The survey by independent polling company YouGov, commissioned by education consultancy PLMR, found that only 5% of adults said they placed “a great deal of importance” on them.
The figures are released after the latest results in the triennial PISA (Programme for International Student Assessment) tests for 15-year-olds in reading, maths and science were published by the OECD. They show the UK’s performance was about the same in each subject as it had been in 2012, with Singapore leading the field.
Last week the latest results in the TIMSS (Trends in International Maths and Science Study) tests in maths and science for 10- and 14-year-olds were published. Singapore and Hong Kong led the tables, with England ranked between 8th and 15th in the four tests taken.
The Coalition Government referred to England’s international rankings to underline the need for a number of its education reforms from 2010 onwards to be based on the policies of high-performing jurisdictions. Former Secretary of State for Education Michael Gove said in 2010 it would be at least a decade until England’s reforms could be judged a success or not.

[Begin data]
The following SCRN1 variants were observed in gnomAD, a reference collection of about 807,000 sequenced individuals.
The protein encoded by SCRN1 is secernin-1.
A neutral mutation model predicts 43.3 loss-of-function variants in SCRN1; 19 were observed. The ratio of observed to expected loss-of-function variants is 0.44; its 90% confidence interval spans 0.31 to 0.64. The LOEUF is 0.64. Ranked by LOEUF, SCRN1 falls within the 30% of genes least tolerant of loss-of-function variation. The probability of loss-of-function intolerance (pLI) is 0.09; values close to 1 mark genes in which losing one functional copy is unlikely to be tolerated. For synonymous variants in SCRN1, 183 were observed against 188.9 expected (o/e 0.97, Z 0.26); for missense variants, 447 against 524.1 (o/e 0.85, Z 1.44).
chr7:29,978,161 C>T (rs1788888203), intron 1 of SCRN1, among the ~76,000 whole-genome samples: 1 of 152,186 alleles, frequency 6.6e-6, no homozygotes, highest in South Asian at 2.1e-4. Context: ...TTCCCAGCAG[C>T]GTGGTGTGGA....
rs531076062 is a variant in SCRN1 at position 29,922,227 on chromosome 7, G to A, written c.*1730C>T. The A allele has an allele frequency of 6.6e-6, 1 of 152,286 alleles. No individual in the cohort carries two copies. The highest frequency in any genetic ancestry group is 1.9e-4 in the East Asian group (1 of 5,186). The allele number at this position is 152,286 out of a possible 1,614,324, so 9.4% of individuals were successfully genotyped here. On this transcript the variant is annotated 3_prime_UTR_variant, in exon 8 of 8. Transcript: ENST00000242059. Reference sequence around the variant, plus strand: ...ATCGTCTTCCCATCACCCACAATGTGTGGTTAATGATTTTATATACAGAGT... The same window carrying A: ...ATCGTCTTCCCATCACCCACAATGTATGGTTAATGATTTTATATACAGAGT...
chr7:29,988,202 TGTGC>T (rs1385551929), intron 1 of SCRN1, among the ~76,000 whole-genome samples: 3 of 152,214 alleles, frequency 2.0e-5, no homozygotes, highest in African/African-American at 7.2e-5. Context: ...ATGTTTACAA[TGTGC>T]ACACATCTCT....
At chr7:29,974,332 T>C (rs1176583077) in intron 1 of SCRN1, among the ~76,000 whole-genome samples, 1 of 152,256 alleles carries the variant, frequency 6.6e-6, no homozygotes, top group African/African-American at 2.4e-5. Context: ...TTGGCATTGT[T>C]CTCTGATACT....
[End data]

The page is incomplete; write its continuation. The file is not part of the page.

PLMR Associate Director Ollie Lane said:
“While Governments around the world place great importance in the results of these tests, and in many cases look to mimic the policies of the top performers, it seems the public here is less interested in how we do in the world rankings.
“Most parents are much more interested in what is happening on a day-to-day basis in their own child’s school. If their child is doing well, if teaching in the school is good, and if results are on the up, then they are unlikely to mind how the UK as a whole is performing against other countries.
“The Government will understandably look at the results with more interest – they will want to continue to emulate what is going on in high-performing area, as they seek to ensure that our students are as globally competitive as possible.”